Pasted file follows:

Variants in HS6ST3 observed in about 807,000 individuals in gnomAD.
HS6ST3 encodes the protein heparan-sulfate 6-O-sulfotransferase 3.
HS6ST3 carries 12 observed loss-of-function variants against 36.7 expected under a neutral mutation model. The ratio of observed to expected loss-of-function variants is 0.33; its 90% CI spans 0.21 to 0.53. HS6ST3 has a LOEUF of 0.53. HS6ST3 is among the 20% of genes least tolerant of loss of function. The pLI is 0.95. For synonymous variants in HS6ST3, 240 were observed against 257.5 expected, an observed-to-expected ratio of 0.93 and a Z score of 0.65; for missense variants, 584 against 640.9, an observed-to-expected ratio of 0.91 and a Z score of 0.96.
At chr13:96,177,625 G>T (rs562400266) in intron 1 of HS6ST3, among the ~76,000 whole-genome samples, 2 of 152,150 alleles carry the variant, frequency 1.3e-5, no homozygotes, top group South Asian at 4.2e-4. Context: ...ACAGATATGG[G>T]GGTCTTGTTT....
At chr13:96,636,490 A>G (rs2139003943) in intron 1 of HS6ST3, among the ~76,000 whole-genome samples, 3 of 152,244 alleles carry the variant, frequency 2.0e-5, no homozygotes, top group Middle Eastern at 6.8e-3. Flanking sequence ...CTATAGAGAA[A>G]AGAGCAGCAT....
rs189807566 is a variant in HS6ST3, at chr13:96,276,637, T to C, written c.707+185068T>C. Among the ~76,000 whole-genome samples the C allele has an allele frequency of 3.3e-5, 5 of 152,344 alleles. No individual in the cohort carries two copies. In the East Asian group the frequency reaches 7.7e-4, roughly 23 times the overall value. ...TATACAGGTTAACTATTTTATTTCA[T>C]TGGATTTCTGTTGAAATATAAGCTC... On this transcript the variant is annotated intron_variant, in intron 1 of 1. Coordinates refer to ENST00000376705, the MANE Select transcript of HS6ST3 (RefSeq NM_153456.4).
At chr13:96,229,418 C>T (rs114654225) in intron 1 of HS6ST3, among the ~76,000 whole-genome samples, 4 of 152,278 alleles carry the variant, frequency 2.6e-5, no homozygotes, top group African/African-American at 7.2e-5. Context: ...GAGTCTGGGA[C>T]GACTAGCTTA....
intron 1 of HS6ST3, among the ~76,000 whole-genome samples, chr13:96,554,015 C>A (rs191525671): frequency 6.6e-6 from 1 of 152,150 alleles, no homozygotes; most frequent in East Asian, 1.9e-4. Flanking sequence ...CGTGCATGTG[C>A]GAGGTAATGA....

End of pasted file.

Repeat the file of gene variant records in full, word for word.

Variants in HS6ST3 observed in about 807,000 individuals in gnomAD.
HS6ST3 encodes the protein heparan-sulfate 6-O-sulfotransferase 3.
HS6ST3 carries 12 observed loss-of-function variants against 36.7 expected under a neutral mutation model. The ratio of observed to expected loss-of-function variants is 0.33; its 90% CI spans 0.21 to 0.53. HS6ST3 has a LOEUF of 0.53. HS6ST3 is among the 20% of genes least tolerant of loss of function. The pLI is 0.95. For synonymous variants in HS6ST3, 240 were observed against 257.5 expected, an observed-to-expected ratio of 0.93 and a Z score of 0.65; for missense variants, 584 against 640.9, an observed-to-expected ratio of 0.91 and a Z score of 0.96.
At chr13:96,177,625 G>T (rs562400266) in intron 1 of HS6ST3, among the ~76,000 whole-genome samples, 2 of 152,150 alleles carry the variant, frequency 1.3e-5, no homozygotes, top group South Asian at 4.2e-4. Context: ...ACAGATATGG[G>T]GGTCTTGTTT....
At chr13:96,636,490 A>G (rs2139003943) in intron 1 of HS6ST3, among the ~76,000 whole-genome samples, 3 of 152,244 alleles carry the variant, frequency 2.0e-5, no homozygotes, top group Middle Eastern at 6.8e-3. Flanking sequence ...CTATAGAGAA[A>G]AGAGCAGCAT....
rs189807566 is a variant in HS6ST3, at chr13:96,276,637, T to C, written c.707+185068T>C. Among the ~76,000 whole-genome samples the C allele has an allele frequency of 3.3e-5, 5 of 152,344 alleles. No individual in the cohort carries two copies. In the East Asian group the frequency reaches 7.7e-4, roughly 23 times the overall value. ...TATACAGGTTAACTATTTTATTTCA[T>C]TGGATTTCTGTTGAAATATAAGCTC... On this transcript the variant is annotated intron_variant, in intron 1 of 1. Coordinates refer to ENST00000376705, the MANE Select transcript of HS6ST3 (RefSeq NM_153456.4).
At chr13:96,229,418 C>T (rs114654225) in intron 1 of HS6ST3, among the ~76,000 whole-genome samples, 4 of 152,278 alleles carry the variant, frequency 2.6e-5, no homozygotes, top group African/African-American at 7.2e-5. Context: ...GAGTCTGGGA[C>T]GACTAGCTTA....
intron 1 of HS6ST3, among the ~76,000 whole-genome samples, chr13:96,554,015 C>A (rs191525671): frequency 6.6e-6 from 1 of 152,150 alleles, no homozygotes; most frequent in East Asian, 1.9e-4. Flanking sequence ...CGTGCATGTG[C>A]GAGGTAATGA....